Meet Nick Rommelfanger (CCS Physics Student)

November 29, 2017

Editor's note: We will be featuring "CCS stories" throughout the College's 50th Anniversary. Some stories will be personal stories and others will be written in the third person. Check the Anniversary page regularly to make sure you don't miss out and make sure to submit your story. This story was written and submitted by CCS Physics student Nick Rommelfanger. 

Nick Rommelfanger
Nick Rommelfanger

 As I work through my third year in CCS physics, I’m incredibly grateful to the College of Creative Studies for providing me with a comprehensive education, both in the classroom and the lab.

When I arrived as a freshman, I was excited for the opportunity to learn physics in such a collaborative environment. We only had 25 students in our class, compared to over a hundred students in the Letters and Sciences class. Everyone in my class was willing to work together and teach one another, regardless of their physics background. I enjoyed being surrounded by students that were totally committed to learning. Our amazing professor and advisor, Dr. B, taught all of our lower division physics classes. By a rough calculation, we spent over 200 hours in Dr. B’s lectures and solved over 700 questions on his problem sets over the course of two years. Thanks to his excellent teaching, I feel well prepared for my L&S upper division classes. Also, we each meet with Dr. B twice a quarter for advising. These important meetings provide direction for future curriculum and research plans.

As I now transition from the classroom to research experiences, I’ll pause at the intersection of the two. CCS physics sophomores take a year-long series of lab courses that teach us how to conduct experiments, analyze data, and communicate our results in writing. Our spring quarter lab course was particularly memorable to me. We were assigned to groups of three students, and each group conducted a different experiment with minimal faculty guidance. My group measured the speed of light with the Foucault method. Using a laser, an optical table, a webcam, a motor, and some mirrors, lenses, and beam splitters, we measured the speed of light to within 2% of its actual value. Light travels around the Earth 7.5 times per second, so we were thrilled to measure its speed in a lab space. I’ve applied many skills I learned in this lab series to my extra-curricular research.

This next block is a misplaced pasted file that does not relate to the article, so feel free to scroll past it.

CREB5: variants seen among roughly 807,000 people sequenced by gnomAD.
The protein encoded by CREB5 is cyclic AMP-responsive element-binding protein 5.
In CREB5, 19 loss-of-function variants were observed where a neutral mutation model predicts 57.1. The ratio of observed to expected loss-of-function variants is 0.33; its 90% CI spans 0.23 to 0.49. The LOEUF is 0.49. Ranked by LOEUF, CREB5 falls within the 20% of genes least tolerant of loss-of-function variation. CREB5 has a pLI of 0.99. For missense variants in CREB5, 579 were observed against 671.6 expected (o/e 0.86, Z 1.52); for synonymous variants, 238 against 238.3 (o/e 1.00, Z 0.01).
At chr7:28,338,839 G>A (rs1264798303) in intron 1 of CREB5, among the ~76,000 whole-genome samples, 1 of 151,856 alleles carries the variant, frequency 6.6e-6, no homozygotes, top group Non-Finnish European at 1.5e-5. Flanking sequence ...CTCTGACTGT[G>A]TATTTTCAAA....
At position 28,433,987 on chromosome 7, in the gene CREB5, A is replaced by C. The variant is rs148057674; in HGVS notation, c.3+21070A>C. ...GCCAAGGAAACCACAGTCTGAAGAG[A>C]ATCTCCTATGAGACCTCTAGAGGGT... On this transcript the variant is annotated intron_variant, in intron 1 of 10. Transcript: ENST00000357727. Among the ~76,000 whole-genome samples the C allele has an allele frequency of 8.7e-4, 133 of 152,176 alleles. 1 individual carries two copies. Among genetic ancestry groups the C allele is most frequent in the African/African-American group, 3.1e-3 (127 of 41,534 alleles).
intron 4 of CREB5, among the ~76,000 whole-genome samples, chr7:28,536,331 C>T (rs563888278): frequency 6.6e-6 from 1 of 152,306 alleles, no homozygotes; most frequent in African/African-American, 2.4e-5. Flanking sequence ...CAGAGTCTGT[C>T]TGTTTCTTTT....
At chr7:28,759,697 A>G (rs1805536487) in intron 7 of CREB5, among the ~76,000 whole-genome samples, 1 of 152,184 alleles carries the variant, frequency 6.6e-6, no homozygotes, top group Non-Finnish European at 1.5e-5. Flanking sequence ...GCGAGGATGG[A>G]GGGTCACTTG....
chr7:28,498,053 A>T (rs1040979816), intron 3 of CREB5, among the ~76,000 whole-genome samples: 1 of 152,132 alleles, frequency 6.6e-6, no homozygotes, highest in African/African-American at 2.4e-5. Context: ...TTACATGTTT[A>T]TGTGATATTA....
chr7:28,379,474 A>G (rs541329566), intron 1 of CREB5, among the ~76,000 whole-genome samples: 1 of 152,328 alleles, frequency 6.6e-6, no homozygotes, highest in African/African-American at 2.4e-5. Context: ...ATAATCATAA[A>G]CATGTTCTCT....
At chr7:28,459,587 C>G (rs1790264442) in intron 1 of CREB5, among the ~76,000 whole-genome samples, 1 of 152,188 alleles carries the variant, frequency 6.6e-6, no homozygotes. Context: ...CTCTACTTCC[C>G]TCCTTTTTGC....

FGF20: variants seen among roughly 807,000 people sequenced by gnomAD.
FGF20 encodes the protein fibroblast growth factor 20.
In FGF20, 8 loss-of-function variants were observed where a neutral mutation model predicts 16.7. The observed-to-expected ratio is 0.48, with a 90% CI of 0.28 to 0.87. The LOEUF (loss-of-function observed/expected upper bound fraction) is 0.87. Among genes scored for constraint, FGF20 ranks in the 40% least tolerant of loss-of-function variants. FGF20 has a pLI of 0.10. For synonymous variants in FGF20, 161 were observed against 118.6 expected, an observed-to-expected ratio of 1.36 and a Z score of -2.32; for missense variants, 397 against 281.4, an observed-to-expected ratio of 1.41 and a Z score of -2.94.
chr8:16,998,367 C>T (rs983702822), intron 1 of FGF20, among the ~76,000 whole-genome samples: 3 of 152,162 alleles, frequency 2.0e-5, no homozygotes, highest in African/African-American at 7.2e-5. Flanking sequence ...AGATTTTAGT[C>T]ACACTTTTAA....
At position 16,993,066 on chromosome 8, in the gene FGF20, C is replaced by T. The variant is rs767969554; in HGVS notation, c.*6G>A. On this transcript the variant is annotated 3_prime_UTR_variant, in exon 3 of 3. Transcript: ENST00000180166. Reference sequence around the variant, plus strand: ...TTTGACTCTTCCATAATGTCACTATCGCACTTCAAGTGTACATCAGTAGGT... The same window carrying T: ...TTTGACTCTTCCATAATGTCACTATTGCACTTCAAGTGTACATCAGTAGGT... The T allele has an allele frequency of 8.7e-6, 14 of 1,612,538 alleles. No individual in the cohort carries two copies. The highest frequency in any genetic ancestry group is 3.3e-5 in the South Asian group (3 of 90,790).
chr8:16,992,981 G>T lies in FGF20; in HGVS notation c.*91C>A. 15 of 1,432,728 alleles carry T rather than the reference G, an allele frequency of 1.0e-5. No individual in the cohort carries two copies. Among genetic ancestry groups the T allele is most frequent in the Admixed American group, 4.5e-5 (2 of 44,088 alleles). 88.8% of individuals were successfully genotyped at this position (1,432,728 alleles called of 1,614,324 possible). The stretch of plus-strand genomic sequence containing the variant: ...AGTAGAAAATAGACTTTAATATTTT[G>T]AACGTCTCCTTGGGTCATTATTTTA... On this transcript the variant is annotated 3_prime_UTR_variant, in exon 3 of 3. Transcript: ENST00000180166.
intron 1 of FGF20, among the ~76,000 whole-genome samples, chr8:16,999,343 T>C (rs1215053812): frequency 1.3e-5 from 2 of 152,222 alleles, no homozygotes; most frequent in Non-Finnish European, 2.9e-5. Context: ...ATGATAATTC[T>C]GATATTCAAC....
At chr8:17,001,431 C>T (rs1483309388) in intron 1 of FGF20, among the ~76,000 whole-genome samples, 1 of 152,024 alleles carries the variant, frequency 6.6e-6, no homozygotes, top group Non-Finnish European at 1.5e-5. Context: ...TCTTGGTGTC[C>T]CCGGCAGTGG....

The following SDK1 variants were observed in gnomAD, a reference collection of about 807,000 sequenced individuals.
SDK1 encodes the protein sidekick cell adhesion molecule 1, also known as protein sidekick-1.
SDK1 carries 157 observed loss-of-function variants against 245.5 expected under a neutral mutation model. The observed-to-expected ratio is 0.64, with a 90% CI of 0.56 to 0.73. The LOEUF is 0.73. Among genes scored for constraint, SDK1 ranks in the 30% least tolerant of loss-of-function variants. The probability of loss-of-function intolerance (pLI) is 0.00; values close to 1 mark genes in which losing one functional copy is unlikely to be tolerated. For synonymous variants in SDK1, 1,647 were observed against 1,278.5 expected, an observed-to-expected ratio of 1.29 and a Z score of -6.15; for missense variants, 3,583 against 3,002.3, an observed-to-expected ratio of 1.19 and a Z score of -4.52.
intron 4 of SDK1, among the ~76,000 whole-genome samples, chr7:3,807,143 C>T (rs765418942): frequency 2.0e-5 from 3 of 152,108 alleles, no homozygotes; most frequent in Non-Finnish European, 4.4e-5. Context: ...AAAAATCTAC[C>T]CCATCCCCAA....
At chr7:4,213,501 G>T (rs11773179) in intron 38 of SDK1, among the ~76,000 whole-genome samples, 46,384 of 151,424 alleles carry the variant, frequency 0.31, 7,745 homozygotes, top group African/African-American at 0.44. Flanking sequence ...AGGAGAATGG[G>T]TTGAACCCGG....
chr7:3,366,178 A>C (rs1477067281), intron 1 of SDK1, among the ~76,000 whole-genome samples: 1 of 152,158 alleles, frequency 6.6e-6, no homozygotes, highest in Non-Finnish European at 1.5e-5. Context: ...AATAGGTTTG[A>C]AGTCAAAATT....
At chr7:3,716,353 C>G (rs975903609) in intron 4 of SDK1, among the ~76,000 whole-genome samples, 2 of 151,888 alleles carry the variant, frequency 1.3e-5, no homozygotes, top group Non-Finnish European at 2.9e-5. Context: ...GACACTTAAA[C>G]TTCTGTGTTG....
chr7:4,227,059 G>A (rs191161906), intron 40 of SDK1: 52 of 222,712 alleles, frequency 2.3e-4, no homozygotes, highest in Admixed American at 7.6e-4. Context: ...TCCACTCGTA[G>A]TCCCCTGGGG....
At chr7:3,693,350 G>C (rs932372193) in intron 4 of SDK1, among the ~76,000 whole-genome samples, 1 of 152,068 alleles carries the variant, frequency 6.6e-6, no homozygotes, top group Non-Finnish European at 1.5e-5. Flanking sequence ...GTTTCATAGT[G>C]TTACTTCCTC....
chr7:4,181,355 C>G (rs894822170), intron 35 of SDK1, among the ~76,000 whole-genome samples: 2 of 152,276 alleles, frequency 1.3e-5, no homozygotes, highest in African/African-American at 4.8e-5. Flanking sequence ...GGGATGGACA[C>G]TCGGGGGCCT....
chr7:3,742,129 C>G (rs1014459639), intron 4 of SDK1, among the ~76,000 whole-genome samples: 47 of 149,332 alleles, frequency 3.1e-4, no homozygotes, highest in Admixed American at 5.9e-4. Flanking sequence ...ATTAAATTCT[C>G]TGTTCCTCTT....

CCS students are encouraged to become involved in research as soon as we can. I joined a research group during the summer after my freshman year. I entered at an opportune time, and I co-authored a conference paper that summer. I switched labs during my second year, moving to the Fluid Energy Science (FES) Lab in mechanical engineering where I currently work. I study the fluid dynamics of the wake behind wind turbines. I thoroughly enjoy working with my advisor, and our research fascinates me. As always, I’m grateful to Dr. B for advising me through the process of finding a new lab more suited to my interests. With his help, I was also able to secure an internship at NASA’s Jet Propulsion Laboratory (JPL) during the summer after my second year. I’d always dreamed of working at JPL, and the opportunity came sooner than I expected. It was a privilege to work for NASA, and I appreciated the exposure to another field of research.

Earlier this quarter, I presented my research from the FES lab at a national conference in the field. I received funding from the CCS Traveling Undergraduate Research Fellowship (TURF) to travel to Denver for the 70th Annual Meeting of the APS Division of Fluid Dynamics. This meeting is one of the biggest fluid dynamics conferences in the world. As an undergraduate, it was an honor to present my research to an audience of professionals in the field. The conference was invaluable to my development as a scientist. I enjoyed learning about the exciting research being conducted across the field, and my advisor and I spoke with professors from other universities that are interested in future collaboration. I left the conference with a strong desire to continue to study fluid dynamics in grad school. I am very grateful to CCS for funding my trip and providing me with the skills I need to conduct meaningful research.

I’ve learned so much during my time at UCSB, and it’s all thanks to the accelerated curriculum, frequent advising, and encouragement to conduct research provided by the College of Creative Studies. I look forward to seeing what my remaining year and a half in CCS hold.